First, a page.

Four of the top ‘free’ ERP systems on the market

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In 2017, we researched several free ERP systems that were open source (OS) or free to download and use. Consequently, we identified four of the best free ERP systems on the market. Now, two years later, we’re going to see how those players are doing, what enhancements have or haven’t emerged, and whether continued interest is warranted.

Caveats of free ERP software

From both research and educational perspectives free ERP systems can be a great way to learn about the operating vagaries of complex software systems; particularly given today’s access to cloud-based platforms. In this environment, sophisticated systems can be turned upside down, tinkered with, or blown up entirely, with little negative impact other than the potential of wasting installation time on systems that may offer neither complete documentation, nor direct support. Free ERP allows businesses the opportunity to 'test drive' the impact of an ERP, so to speak. Recent ERP research detailed that the leading reason for implementing ERP is to increase efficiency, now businesses can accurately assess whether their system will help them meet business goals. However, in the commercial world, time is money and any ERP technology based on a free pricing model tends to offer a framework for processes at best, or time-engulfing black hole at its worst.

Use this ERP pricing guide to understand ERP pricing models and compare real ERP costs

Beyond these caveats, free ERP software systems are rarely without a financial cost, since these platforms require the same implementation, configuration, and maintenance expenses as any other costed variant. Secondly, open-source or free systems can experience irregular performance results due to an understandable lack of infrastructure investment behind the product. The point here is simple; just because a system is ‘free’ it doesn’t necessarily follow that the product will provide good long term value.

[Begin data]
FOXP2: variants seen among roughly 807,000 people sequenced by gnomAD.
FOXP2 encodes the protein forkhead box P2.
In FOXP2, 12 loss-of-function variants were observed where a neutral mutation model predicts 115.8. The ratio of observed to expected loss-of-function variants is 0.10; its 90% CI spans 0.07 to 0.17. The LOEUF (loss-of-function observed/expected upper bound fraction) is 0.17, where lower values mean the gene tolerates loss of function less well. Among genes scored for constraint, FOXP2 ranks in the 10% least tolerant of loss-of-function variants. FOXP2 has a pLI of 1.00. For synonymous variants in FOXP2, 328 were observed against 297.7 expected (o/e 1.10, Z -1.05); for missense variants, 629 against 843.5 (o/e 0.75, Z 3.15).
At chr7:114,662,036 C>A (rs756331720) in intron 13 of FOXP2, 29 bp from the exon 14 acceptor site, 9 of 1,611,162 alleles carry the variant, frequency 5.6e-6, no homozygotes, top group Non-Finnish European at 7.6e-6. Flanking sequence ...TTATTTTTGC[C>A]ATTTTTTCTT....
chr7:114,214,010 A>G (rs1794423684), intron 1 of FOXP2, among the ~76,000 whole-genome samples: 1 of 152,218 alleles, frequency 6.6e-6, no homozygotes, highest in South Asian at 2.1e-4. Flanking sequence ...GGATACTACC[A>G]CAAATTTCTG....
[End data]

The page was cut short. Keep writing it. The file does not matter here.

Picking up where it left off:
Having said all that, there are some particularly good products on the free ERP market, let’s check out our original top free ERP systems.

1. ERPNext

At the lowest tier, ERPNext represented one of the more innovative shops among the cluster of open source ERP players. The original user interface was particularly simple, and many of the system’s processes appeared to be quite straightforward. At the time the platform was ‘free’ for those who wanted to self-host the platform. The original research suggested that the only downside was that scalability needs were limited at the ‘free’ level. Nevertheless, for small enterprises, the platform did it’s the job effectively.

2. Openbravo ERP

At the mid-level OpenBravo was seen to be a solid solution for mid-sized companies. Its primary upsides related to the system’s initial cost, along with the fact that the platform allowed users to experience web and/or cloud-based ERP from the outset. Additionally, the system was quite scalable, thereby providing a cost control double-whammy.

3. Odoo ERP

Odoo offered a particularly intriguing value since it offered ‘…two ways it could be operated’ on the open-source tier. The approach focused on a cloud value providing the ability to provision 50 users or less. The second approach offered a source code value, thereby allowing the user to tweak the system’s base code as desired.

4. iDempiere

At the high end of the free ERP tier, iDempiere offered a particularly dense code base, effective user interfaces, and comprehensive reporting. However, although the system was open-source, in order to leverage the technology most effectively the user was encouraged to have a clearly educated IT group available to deal with any implementation and configuration processes, backed up by a cadre of third-party ERP consultants.

Disadvantages of free ERP

Let’s face it, enterprise-scale ERP platforms don’t exist because they’re impressive bits of software, but instead, exist to put more money on the user’s bottom line if properly utilized. Nevertheless, regardless of how clever you are, and how simple a system may appear to be, there’s always going to be a higher-than-normal degree of risk relating to any freeware business technology.